Classic Replay: Why would someone specify a camera before they chose the cinematographer? DP David Read despairs...
David Read + RED
When I first started in this industry many years ago there was film and there was video and you were either in one camp or another. I started in film and never touched a video camera for the first six or seven years of my career. The film cameras we used were either Arri or Aaton in 16mm or Arri, Panavision or Mitchell in 35mm. There were other makes but these were the main ones and nobody gave a damn which one you used so long as the DOP was happy.
Fast forward a decade or so and video was making gigantic leaps in image quality; Sony were releasing HDCam and there was the Viper. In my view were still not 35mm quality; the Viper was the best but it was big and clunky, cost a fortune and really wasn’t a contender for mainstream movie making. But the tide was turning and I started to notice a trend. Producers who were interested in shooting video/digital started to ask for one camera over another.
Take it as RED
Move on a few more years and the RED camera hits the market place. It offered top quality at a knock down price. No wonder independent producers were interested and it became their camera of choice.
Then things get crazy; HDSLR cameras enter the movie-making arena, RED release the Epic and Scarlet, Arri are on the scene with the Alexa. Independent film makers now have a good choice of cameras. Fantastic: at last the independent producer can put the cinematographer first, as it really should always have been, and leave the choice of camera to him or her surely?
Let me give you a recent example. A producer got in touch after seeing my details and liking my photography. She arranged a meeting, which was a 170 mile round drive for me. The meeting took place between Christmas and New Year and went something like this:
Producer: Hi David thanks for taking time out for this. I really like your work.
Me: No problem, let’s talk about the production.
Producer: You have the RED camera – is it the latest one?
Me: Well it’s a couple of years old but is having the old sensor replaced with the new MX sensor so it’s fully up to date.
Producer: No I think there’s another RED camera.
Me: Do you mean the Epic or the Scarlet?
Producer: Yes the Epic.
Me: Well the MX sensor I’m putting in my RED is the same as the sensor in the Epic so it will give the same quality.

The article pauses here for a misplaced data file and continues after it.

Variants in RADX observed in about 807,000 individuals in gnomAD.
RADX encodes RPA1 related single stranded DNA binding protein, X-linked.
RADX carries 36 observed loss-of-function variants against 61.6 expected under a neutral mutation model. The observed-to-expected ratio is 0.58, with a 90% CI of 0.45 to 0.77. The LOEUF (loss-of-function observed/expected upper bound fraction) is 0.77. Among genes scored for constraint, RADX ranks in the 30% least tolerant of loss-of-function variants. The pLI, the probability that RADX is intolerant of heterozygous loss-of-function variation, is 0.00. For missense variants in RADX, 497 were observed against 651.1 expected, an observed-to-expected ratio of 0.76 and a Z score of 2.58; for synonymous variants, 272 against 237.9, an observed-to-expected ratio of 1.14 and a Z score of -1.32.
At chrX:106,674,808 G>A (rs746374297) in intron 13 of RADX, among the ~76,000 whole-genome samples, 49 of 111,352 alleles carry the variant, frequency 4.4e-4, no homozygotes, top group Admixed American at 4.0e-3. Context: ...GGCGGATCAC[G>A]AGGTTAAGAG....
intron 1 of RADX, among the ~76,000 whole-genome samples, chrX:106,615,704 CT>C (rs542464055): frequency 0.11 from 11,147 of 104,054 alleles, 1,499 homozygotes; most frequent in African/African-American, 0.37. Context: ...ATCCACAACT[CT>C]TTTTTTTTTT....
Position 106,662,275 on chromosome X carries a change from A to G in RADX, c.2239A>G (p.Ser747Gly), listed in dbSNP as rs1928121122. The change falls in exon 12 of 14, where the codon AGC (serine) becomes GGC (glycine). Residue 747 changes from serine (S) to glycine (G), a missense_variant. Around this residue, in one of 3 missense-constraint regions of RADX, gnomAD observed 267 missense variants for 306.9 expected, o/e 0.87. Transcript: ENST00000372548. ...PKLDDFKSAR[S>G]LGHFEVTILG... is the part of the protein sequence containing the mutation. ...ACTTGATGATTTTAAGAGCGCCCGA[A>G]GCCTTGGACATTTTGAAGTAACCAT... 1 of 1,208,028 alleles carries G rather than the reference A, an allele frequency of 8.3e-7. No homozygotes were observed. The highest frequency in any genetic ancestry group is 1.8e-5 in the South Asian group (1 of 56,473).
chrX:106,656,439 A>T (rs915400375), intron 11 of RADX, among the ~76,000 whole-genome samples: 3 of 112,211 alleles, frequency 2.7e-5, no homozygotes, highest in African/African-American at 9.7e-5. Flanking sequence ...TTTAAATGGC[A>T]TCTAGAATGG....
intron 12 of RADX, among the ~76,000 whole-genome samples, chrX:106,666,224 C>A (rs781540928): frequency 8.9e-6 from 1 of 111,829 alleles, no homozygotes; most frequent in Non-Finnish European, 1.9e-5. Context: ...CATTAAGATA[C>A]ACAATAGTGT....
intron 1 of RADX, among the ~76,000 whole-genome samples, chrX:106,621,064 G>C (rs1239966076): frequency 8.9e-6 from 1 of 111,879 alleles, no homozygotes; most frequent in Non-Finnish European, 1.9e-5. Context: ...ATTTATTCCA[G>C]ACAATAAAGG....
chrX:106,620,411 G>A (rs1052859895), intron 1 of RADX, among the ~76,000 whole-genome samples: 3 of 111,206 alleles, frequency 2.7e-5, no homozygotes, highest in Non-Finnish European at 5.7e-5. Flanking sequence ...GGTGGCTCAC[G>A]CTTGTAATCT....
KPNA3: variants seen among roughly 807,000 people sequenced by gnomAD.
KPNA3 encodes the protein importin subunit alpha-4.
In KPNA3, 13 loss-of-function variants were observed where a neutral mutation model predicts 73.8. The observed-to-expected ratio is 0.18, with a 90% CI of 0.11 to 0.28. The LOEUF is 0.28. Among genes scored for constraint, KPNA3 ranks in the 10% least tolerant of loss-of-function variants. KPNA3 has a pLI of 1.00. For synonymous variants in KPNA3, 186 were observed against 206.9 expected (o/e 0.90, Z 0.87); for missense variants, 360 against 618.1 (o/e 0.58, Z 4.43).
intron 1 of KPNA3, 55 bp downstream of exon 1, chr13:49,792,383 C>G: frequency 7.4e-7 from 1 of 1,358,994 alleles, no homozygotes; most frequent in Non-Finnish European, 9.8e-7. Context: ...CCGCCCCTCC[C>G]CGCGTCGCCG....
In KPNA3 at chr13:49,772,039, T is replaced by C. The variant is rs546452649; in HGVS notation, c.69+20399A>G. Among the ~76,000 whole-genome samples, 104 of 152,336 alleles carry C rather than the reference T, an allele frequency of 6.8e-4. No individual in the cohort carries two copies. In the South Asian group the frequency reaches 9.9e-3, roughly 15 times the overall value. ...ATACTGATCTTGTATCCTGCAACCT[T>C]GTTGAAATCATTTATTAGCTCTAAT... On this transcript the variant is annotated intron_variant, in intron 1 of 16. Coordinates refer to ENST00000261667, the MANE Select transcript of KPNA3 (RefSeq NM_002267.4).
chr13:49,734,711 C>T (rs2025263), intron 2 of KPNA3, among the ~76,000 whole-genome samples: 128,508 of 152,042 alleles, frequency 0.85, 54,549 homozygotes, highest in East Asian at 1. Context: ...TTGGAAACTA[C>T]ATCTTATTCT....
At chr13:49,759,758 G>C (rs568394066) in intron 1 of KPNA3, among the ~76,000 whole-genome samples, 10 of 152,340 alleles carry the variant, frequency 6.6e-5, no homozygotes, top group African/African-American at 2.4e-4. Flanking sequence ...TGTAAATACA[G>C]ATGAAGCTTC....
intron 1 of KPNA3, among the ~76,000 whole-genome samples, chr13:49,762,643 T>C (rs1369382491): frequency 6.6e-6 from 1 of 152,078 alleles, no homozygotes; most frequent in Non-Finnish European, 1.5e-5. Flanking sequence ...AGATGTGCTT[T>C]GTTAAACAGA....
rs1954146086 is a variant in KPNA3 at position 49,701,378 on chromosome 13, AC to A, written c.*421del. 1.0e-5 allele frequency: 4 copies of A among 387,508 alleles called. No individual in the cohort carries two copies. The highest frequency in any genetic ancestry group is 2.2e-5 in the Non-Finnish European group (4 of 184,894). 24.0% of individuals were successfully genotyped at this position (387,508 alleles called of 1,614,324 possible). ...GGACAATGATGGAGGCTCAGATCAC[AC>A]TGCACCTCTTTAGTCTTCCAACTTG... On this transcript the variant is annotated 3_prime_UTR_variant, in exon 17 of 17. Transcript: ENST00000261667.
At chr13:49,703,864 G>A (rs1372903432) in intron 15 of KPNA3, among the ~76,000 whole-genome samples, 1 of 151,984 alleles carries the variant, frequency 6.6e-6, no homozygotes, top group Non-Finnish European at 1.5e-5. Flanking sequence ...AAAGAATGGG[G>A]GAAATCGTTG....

Producer: What about the Arri Alexa?
Me: Fine camera but three times the cost of the RED and really it’s not going to make much difference in quality to the Red. Either camera will produce stunning results. It’s really down to how good the DOP is.
The quest for beauty
By now I was getting the drift that she was more interested in the camera than the quality of the photography. All she kept saying was; “l want it to look beautiful” – like I want it to look crap? No matter how much I explained the look is more to do with the lighting, which is about the skill of the cinematographer, than the camera body you use it didn’t seem to get through.
So you’re thinking this must have been a major budget project – you’d be thinking wrong. The budget was around £150,000 with a four weeks shooting schedule. I could have supplied my RED with me as a DOP/Operator, all the camera kit needed + lights and dolly for slightly more than the hire of the Alexa body only.
Okay, so I’m back at home a few days later and the producer puts the following add on a couple of film/TV employment websites:
"Director of Photography wanted with Arri Alexa"
All I could do was laugh because I haven’t enough hair left to pull out. I have no problem with her wanting a different DOP but a) It would have been common courtesy to let me know she had decided I wasn’t the right choice, and b) - why state which camera? Surely you should get an outstanding DOP first and let he/she determine which camera is most suitable.
I don’t know about you but I’d rather have Roger Deakins (Chief Cinematographer on Skyfall) photograph my movie with an old DVcam than some incompetent with the latest state of the art camera. It’s skill, not equipment, that counts.